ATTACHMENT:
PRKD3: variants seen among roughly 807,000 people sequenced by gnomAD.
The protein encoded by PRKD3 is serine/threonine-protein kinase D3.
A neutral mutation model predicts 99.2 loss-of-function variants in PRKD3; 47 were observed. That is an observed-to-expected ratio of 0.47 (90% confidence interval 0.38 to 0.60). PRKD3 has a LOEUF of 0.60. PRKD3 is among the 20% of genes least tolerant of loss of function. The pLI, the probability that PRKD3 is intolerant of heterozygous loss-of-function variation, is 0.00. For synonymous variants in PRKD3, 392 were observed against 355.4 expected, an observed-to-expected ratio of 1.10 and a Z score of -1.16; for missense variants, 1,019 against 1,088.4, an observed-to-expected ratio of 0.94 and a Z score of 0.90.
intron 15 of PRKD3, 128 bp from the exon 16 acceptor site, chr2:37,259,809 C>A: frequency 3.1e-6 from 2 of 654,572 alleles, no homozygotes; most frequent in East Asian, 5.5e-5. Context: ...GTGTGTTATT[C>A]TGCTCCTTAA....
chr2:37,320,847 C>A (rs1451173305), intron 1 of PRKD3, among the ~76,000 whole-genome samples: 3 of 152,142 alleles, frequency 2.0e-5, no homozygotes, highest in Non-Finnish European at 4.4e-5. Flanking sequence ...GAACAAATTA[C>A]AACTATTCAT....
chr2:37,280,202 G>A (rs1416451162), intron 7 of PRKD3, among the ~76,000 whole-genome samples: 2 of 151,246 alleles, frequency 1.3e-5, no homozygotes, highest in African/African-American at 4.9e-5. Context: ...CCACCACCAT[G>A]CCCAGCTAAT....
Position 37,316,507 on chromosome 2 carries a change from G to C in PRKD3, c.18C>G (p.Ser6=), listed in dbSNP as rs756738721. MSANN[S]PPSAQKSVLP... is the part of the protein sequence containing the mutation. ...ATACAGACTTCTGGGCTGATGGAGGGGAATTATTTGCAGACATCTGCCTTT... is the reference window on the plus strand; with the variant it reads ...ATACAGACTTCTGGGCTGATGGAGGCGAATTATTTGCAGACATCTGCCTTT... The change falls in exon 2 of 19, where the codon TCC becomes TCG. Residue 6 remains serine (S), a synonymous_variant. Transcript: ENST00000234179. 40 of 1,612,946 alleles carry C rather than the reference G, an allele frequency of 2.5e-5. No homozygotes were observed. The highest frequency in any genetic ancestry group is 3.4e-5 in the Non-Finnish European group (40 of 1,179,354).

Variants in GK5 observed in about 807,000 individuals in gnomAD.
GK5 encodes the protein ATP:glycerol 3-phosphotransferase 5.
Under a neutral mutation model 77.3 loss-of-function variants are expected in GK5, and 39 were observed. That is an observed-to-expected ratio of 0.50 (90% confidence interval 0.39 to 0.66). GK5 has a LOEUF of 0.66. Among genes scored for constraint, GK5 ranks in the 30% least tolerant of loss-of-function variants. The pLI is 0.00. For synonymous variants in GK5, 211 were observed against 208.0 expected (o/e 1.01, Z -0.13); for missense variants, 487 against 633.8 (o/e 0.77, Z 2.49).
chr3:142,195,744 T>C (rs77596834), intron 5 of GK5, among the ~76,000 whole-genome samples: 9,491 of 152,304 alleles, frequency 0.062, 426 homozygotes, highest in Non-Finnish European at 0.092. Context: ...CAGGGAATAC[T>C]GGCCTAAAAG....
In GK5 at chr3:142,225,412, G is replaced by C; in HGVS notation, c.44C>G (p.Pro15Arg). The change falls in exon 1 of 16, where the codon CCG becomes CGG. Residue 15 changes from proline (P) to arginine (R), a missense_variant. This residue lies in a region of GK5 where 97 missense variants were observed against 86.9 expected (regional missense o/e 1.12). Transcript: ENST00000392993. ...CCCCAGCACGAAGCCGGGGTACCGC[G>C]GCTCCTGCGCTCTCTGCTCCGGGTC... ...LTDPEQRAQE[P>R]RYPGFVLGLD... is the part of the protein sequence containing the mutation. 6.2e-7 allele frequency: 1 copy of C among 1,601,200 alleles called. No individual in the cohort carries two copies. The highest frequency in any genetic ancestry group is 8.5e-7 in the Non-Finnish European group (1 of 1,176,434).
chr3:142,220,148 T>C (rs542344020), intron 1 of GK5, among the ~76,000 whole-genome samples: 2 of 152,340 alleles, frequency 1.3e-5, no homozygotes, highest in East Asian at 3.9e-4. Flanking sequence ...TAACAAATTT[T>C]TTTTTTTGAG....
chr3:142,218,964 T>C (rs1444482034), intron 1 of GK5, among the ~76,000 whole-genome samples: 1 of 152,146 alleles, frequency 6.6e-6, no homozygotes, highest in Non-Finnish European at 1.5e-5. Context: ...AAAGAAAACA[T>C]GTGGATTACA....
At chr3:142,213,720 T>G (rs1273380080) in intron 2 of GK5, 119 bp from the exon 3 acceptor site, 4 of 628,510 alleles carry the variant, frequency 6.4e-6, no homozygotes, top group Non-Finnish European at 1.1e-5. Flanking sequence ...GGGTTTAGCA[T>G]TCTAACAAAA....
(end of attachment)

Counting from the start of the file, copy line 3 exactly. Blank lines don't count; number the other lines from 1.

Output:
A neutral mutation model predicts 99.2 loss-of-function variants in PRKD3; 47 were observed. That is an observed-to-expected ratio of 0.47 (90% confidence interval 0.38 to 0.60). PRKD3 has a LOEUF of 0.60. PRKD3 is among the 20% of genes least tolerant of loss of function. The pLI, the probability that PRKD3 is intolerant of heterozygous loss-of-function variation, is 0.00. For synonymous variants in PRKD3, 392 were observed against 355.4 expected, an observed-to-expected ratio of 1.10 and a Z score of -1.16; for missense variants, 1,019 against 1,088.4, an observed-to-expected ratio of 0.94 and a Z score of 0.90.